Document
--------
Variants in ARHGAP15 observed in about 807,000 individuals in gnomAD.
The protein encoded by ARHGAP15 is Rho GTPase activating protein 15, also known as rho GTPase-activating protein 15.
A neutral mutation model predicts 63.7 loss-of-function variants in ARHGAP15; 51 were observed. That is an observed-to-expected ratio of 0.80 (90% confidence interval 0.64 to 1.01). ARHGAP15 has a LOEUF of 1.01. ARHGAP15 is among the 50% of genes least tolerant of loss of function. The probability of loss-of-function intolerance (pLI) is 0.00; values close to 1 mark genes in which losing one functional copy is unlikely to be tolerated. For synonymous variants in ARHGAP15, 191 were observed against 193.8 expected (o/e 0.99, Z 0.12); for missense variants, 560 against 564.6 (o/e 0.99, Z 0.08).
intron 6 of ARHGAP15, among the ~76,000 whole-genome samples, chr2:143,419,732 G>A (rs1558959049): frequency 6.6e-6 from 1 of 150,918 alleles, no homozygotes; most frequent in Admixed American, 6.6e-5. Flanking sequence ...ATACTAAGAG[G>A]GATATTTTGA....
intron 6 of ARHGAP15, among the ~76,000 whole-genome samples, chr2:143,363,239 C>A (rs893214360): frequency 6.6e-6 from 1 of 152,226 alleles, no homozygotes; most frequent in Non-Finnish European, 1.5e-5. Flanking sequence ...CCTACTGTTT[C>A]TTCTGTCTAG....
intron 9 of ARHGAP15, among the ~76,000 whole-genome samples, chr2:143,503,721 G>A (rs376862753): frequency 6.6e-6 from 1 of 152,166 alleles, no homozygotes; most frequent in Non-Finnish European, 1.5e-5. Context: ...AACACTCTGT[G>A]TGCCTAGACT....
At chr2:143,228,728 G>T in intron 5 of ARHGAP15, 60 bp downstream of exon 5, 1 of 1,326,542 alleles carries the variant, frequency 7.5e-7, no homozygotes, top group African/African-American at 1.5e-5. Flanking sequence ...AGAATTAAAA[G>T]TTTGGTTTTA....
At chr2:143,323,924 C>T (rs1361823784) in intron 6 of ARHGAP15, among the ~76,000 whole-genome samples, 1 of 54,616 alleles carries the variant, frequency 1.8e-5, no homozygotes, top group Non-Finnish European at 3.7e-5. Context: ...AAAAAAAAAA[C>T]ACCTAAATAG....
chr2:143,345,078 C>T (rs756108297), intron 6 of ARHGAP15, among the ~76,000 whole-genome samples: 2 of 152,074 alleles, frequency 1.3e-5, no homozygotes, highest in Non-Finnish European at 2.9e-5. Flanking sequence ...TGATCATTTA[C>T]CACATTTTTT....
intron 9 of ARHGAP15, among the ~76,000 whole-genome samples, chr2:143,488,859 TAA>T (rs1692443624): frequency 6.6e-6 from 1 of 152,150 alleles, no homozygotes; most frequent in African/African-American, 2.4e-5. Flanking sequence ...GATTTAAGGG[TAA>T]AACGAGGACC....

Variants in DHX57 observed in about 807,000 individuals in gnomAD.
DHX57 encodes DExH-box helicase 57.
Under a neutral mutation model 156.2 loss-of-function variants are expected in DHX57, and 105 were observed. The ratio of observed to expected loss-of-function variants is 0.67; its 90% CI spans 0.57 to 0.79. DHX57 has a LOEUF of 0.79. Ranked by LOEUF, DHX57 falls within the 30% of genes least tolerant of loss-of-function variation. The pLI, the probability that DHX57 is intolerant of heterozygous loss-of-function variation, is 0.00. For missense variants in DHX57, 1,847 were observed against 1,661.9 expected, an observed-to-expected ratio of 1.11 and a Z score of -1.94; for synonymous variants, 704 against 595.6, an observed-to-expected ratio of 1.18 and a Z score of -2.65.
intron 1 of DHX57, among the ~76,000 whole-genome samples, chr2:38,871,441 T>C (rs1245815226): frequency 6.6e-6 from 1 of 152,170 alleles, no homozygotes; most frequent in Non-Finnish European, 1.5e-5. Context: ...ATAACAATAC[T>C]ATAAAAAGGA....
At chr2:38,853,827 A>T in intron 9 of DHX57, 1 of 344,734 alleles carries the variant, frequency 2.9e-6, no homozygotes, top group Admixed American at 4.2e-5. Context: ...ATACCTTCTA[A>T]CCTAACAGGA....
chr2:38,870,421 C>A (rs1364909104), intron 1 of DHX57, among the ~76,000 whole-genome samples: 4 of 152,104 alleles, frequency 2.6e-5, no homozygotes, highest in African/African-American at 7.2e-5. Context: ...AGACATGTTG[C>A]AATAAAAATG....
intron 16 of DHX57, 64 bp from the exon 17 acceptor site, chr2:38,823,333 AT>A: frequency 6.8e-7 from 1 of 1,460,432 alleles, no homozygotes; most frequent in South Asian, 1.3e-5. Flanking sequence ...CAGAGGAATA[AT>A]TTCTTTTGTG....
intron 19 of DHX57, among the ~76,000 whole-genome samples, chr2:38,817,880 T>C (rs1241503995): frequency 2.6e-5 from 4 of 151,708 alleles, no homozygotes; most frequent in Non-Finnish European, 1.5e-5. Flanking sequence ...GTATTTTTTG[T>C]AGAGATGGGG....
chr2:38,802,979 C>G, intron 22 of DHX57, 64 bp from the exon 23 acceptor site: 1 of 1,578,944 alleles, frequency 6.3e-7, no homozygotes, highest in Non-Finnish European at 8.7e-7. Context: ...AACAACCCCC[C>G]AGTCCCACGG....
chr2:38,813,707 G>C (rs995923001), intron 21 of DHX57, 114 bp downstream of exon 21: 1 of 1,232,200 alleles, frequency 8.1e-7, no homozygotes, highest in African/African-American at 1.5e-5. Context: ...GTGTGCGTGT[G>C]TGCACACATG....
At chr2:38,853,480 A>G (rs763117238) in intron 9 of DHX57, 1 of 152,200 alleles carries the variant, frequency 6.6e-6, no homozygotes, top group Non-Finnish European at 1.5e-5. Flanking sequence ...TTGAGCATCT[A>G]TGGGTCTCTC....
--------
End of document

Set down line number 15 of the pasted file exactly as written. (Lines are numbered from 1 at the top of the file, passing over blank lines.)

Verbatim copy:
At chr2:38,853,827 A>T in intron 9 of DHX57, 1 of 344,734 alleles carries the variant, frequency 2.9e-6, no homozygotes, top group Admixed American at 4.2e-5. Context: ...ATACCTTCTA[A>T]CCTAACAGGA....